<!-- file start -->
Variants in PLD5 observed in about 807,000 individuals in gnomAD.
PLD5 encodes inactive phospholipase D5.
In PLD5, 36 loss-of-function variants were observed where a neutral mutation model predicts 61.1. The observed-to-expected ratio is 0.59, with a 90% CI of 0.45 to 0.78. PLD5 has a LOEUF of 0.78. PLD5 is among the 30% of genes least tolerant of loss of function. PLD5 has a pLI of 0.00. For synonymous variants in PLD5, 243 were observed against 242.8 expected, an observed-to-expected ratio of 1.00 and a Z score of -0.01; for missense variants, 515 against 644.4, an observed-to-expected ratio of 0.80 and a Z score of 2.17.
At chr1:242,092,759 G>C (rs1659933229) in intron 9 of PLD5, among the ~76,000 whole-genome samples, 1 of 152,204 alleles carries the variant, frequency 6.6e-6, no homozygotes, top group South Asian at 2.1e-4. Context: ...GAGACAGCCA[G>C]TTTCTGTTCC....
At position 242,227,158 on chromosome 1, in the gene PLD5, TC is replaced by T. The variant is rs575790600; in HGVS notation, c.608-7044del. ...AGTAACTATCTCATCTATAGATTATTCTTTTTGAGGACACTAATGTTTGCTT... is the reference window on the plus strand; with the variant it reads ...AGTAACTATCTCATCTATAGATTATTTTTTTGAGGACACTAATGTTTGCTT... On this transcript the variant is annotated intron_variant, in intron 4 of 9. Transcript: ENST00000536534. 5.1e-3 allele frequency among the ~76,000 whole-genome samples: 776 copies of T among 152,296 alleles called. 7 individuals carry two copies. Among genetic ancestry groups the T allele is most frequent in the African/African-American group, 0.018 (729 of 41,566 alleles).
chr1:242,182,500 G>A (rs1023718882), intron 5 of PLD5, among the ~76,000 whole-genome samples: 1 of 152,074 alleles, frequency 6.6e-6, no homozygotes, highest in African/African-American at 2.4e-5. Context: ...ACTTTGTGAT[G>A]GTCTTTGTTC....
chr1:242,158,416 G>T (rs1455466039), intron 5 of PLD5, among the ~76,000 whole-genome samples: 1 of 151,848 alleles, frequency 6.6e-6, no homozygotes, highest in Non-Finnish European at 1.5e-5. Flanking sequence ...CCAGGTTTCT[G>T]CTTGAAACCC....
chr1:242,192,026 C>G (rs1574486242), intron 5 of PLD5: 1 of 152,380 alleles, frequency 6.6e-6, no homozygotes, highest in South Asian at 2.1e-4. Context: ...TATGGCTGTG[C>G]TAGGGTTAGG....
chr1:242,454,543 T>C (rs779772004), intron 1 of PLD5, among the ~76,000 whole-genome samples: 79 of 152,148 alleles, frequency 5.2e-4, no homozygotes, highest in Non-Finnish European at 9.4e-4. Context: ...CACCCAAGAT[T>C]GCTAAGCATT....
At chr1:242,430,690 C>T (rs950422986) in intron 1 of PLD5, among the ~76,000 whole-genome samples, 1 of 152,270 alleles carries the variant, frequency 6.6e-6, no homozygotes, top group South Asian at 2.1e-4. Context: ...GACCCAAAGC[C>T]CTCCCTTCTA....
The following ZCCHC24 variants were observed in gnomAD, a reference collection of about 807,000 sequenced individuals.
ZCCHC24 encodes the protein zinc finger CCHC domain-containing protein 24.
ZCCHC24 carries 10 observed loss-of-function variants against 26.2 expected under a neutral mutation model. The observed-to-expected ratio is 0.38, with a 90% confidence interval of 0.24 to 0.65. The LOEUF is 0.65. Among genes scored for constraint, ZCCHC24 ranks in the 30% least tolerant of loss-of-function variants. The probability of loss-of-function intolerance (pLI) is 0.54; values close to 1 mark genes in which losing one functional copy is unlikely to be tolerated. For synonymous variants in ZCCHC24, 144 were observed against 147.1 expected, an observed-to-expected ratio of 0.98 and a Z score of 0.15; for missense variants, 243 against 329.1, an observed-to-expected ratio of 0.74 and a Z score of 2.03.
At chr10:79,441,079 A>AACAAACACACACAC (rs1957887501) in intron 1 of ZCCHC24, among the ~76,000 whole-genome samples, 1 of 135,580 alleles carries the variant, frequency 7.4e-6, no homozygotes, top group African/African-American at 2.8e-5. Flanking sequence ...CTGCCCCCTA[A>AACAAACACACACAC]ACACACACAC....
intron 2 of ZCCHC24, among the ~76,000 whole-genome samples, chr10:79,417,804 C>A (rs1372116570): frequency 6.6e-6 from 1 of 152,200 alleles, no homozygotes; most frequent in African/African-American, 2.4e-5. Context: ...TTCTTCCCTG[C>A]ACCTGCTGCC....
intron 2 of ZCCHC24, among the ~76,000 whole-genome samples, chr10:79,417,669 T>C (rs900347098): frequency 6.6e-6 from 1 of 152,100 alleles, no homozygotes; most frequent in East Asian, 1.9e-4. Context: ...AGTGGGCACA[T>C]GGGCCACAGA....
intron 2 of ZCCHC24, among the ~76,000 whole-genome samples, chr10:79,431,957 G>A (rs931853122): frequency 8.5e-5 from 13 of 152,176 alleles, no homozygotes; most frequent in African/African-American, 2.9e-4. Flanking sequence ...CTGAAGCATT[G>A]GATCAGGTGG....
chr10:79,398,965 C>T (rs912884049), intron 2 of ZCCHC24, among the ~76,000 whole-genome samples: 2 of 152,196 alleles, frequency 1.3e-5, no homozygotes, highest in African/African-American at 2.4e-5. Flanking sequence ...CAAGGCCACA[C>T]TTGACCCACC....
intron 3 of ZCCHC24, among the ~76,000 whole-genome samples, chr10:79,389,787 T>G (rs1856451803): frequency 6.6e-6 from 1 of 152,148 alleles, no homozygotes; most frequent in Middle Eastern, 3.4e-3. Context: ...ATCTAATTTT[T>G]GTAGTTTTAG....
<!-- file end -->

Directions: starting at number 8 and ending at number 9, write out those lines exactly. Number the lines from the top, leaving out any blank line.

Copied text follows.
chr1:242,192,026 C>G (rs1574486242), intron 5 of PLD5: 1 of 152,380 alleles, frequency 6.6e-6, no homozygotes, highest in South Asian at 2.1e-4. Context: ...TATGGCTGTG[C>G]TAGGGTTAGG....
chr1:242,454,543 T>C (rs779772004), intron 1 of PLD5, among the ~76,000 whole-genome samples: 79 of 152,148 alleles, frequency 5.2e-4, no homozygotes, highest in Non-Finnish European at 9.4e-4. Context: ...CACCCAAGAT[T>C]GCTAAGCATT....